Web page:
Headlines cycling. War, officially-forgotten diseases, hot-shot bailouts, shameless status updating, neglected continents, orchestral indie pop grandeur, absurd year-end best-of lists. It was not a good 12-month stretch for most ideals, people, or animals, it seems. I’ve spent some time thinking of possible names for this past year, and the one that rings truest is “Deepwater Horizon.” What a beautiful, grandiose construction of such simple terms. How snugly it fits our dreams gone awry, our hope misremembered! It would make a fine vintage for a Château Mouton Rothschild, perhaps best enjoyed while eating hors d’oeuvres on the set of the next James Bond film. But enough about the past and its attendant regrets. Instead of a backward glance, I’d like to speculate on the coming year, and I’ll do this with the aid of an online version of the I Ching (which I predict will enjoy a resurgence in 2011, among younger American poets at least). Below are some questions I’m curious about, followed by enticing excerpts from the I Ching replies (Richard Wilhelm translation into German translated by Cary F. Baynes into English, 1950) and my (ridiculous) extrapolations. If you’re interested in asking more questions and sharing the answers in the comments section, an easy-to-navigate version of the translation is here: www.wisdomportal.com/IChing/IChing-Wilhelm.html, and there’s an online program here: www.ichingonline.net
Q) How will American poetry change in 2011?
A) 17. Sui / Following
The joyous above the arousing. Joy in movement induces following.
“It is implicit in the idea of following and adaptation that if one wants to lead others, one must remain accessible and responsive to the views of those under him.”
I guess this could mean that more established poets are going to shift toward the aesthetics of the generation that’s coming up, or maybe it’s a comment on aesthetics itself, meaning that American poetry, perhaps believing it stands above its (potential) readers, will try to become more accessible (whatever that means).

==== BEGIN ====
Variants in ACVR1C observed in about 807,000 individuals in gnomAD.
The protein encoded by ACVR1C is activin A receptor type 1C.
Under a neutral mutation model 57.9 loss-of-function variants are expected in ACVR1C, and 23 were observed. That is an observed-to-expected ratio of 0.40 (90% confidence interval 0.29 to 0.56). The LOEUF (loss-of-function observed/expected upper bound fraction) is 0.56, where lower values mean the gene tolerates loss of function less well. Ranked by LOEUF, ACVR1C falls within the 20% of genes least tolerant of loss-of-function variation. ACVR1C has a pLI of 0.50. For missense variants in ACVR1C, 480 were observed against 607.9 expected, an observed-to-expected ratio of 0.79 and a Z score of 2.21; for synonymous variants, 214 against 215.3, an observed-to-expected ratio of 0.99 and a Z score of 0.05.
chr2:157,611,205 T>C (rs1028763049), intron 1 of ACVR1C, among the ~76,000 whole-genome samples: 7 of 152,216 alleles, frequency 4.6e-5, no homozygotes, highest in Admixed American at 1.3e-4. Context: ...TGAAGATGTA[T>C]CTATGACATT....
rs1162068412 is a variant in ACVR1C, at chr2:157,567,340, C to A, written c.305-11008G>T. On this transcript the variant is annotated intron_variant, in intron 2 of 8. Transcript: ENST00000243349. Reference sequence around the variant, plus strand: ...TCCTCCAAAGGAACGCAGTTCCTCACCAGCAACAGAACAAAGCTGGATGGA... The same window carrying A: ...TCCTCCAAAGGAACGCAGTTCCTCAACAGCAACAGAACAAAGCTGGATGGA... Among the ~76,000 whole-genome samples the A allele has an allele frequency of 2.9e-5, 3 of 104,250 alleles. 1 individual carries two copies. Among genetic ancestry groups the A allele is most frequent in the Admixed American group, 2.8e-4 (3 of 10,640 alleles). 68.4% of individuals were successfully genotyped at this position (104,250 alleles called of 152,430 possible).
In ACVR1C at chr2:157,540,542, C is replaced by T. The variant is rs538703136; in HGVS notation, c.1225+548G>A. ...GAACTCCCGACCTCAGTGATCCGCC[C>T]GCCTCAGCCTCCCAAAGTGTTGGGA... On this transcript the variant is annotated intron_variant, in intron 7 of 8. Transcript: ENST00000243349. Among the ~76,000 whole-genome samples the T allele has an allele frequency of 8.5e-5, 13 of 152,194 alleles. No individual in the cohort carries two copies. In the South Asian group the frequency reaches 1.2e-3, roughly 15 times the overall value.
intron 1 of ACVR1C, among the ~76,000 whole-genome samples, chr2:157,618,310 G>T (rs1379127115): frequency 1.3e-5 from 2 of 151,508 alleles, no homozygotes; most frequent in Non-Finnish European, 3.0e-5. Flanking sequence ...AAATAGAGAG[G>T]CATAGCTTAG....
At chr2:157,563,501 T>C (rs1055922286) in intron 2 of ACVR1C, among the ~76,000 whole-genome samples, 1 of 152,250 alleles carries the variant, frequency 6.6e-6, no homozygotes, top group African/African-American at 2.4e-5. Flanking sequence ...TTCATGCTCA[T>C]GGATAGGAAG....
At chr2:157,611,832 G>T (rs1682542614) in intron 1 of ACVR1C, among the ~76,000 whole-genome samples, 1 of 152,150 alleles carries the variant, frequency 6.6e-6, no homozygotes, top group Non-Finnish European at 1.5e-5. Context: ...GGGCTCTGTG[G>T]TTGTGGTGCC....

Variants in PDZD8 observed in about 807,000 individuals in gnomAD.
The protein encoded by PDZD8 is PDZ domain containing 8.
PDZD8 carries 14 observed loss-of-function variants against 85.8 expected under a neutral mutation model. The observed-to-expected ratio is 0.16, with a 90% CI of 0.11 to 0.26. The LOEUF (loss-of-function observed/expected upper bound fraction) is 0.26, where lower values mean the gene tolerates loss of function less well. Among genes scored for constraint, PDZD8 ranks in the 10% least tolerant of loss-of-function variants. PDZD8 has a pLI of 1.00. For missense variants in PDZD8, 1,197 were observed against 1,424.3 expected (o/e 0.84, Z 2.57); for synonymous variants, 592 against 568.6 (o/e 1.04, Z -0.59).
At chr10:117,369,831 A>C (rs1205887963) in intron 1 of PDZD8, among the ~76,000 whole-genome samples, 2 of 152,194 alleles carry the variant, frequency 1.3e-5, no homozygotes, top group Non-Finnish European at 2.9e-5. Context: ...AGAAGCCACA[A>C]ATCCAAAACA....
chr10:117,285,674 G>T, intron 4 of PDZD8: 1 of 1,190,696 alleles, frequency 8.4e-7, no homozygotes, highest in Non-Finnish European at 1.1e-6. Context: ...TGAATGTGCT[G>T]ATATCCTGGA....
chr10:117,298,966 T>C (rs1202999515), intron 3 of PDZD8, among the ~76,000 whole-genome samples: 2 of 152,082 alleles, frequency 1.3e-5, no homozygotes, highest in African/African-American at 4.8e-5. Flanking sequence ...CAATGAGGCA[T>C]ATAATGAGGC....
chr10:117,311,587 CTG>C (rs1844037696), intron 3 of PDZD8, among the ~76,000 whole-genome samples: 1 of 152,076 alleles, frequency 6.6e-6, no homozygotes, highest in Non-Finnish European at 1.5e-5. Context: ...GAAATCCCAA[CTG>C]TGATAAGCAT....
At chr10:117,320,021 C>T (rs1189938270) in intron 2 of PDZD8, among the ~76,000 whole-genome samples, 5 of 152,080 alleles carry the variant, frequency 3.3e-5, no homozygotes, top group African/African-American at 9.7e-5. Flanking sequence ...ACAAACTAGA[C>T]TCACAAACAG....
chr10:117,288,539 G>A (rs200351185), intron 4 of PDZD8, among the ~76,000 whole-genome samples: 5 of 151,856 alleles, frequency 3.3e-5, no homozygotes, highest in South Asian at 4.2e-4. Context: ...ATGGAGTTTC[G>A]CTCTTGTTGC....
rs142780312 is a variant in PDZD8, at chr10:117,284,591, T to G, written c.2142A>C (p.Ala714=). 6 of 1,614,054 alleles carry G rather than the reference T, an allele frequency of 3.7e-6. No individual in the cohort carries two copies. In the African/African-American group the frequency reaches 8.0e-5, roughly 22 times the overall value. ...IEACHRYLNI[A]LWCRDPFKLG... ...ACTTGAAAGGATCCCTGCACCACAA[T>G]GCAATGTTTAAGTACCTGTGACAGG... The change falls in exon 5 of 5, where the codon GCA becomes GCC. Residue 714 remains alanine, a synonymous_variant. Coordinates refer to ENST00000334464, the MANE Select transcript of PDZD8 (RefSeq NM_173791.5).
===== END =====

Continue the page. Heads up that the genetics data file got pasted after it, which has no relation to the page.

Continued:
Q) What will the next James Bond movie be like?
A) 63. Chi Chi / After Completion
Water above fire.
“Everything proceeds as if of its own accord, and this can all too easily tempt us to relax and let things take their course without troubling over details. Such indifference is the root of all evil. Symptoms of decay are bound to be the result.”
Things are not looking good for the James Bond franchise. Of course, the warning may also be construed as what the theme of the movie will be. Perhaps this installment will be self-referential and jokey, with a dark and bitter substance beneath its candied exterior.
Q) What happen to Flarf in 2011?
A) 32. Heng / Duration
The arousing above the gentle.
“Duration is rather the self-contained and therefore self-renewing movement of an organized, firmly integrated whole, taking place in accordance with immutable laws and beginning anew at every ending.”
This one seems pretty unambiguous.
Q) What can you tell me about the book that will win the next Pulitzer Prize (in poetry)?
A) 54. Kuei Mei / The Marrying Maiden
The eldest son above the youngest daughter.
“Affection as the essential principle of relatedness is of the greatest importance in all relationships in the world.”
I’m inclined to think this means we won’t be very surprised, and the winner will be one of the usual suspects whose back is itching to be scratched. Then again, this could be referring to the aesthetics of the book, in which case I’d say Mark McMorris, Kay Ryan, or Timothy Donnelly will win; as different as they are, I feel all three poets have published distinguished books in 2010 that effectively, critically, and affectionately portray the relatedness of worldly things.
I’m looking forward to 2011, a year I hope will find our world peacefully full of affection and relations. To this, and to you my friends, I raise my glass!